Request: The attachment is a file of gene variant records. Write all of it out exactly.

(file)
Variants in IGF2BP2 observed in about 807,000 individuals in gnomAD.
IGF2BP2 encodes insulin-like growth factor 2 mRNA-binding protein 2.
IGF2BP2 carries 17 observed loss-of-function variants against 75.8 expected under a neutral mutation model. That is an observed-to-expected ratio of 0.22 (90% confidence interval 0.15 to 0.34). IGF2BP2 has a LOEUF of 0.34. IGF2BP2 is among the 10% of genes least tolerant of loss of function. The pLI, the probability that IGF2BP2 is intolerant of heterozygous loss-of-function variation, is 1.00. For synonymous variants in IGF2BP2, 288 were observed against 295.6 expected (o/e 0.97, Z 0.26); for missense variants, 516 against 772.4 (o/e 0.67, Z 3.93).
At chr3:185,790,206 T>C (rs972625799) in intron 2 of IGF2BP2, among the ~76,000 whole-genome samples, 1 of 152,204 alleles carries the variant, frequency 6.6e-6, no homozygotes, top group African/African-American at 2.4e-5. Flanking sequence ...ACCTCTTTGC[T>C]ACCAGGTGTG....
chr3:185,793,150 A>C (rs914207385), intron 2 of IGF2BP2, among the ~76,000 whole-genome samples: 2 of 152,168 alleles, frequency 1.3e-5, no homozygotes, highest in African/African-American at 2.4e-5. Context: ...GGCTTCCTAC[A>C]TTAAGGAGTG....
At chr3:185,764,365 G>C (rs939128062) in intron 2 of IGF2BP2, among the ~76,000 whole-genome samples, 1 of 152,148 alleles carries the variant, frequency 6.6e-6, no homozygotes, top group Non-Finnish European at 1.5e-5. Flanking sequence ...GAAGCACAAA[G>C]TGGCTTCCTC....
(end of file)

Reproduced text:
Variants in IGF2BP2 observed in about 807,000 individuals in gnomAD.
IGF2BP2 encodes insulin-like growth factor 2 mRNA-binding protein 2.
IGF2BP2 carries 17 observed loss-of-function variants against 75.8 expected under a neutral mutation model. That is an observed-to-expected ratio of 0.22 (90% confidence interval 0.15 to 0.34). IGF2BP2 has a LOEUF of 0.34. IGF2BP2 is among the 10% of genes least tolerant of loss of function. The pLI, the probability that IGF2BP2 is intolerant of heterozygous loss-of-function variation, is 1.00. For synonymous variants in IGF2BP2, 288 were observed against 295.6 expected (o/e 0.97, Z 0.26); for missense variants, 516 against 772.4 (o/e 0.67, Z 3.93).
At chr3:185,790,206 T>C (rs972625799) in intron 2 of IGF2BP2, among the ~76,000 whole-genome samples, 1 of 152,204 alleles carries the variant, frequency 6.6e-6, no homozygotes, top group African/African-American at 2.4e-5. Flanking sequence ...ACCTCTTTGC[T>C]ACCAGGTGTG....
chr3:185,793,150 A>C (rs914207385), intron 2 of IGF2BP2, among the ~76,000 whole-genome samples: 2 of 152,168 alleles, frequency 1.3e-5, no homozygotes, highest in African/African-American at 2.4e-5. Context: ...GGCTTCCTAC[A>C]TTAAGGAGTG....
At chr3:185,764,365 G>C (rs939128062) in intron 2 of IGF2BP2, among the ~76,000 whole-genome samples, 1 of 152,148 alleles carries the variant, frequency 6.6e-6, no homozygotes, top group Non-Finnish European at 1.5e-5. Flanking sequence ...GAAGCACAAA[G>C]TGGCTTCCTC....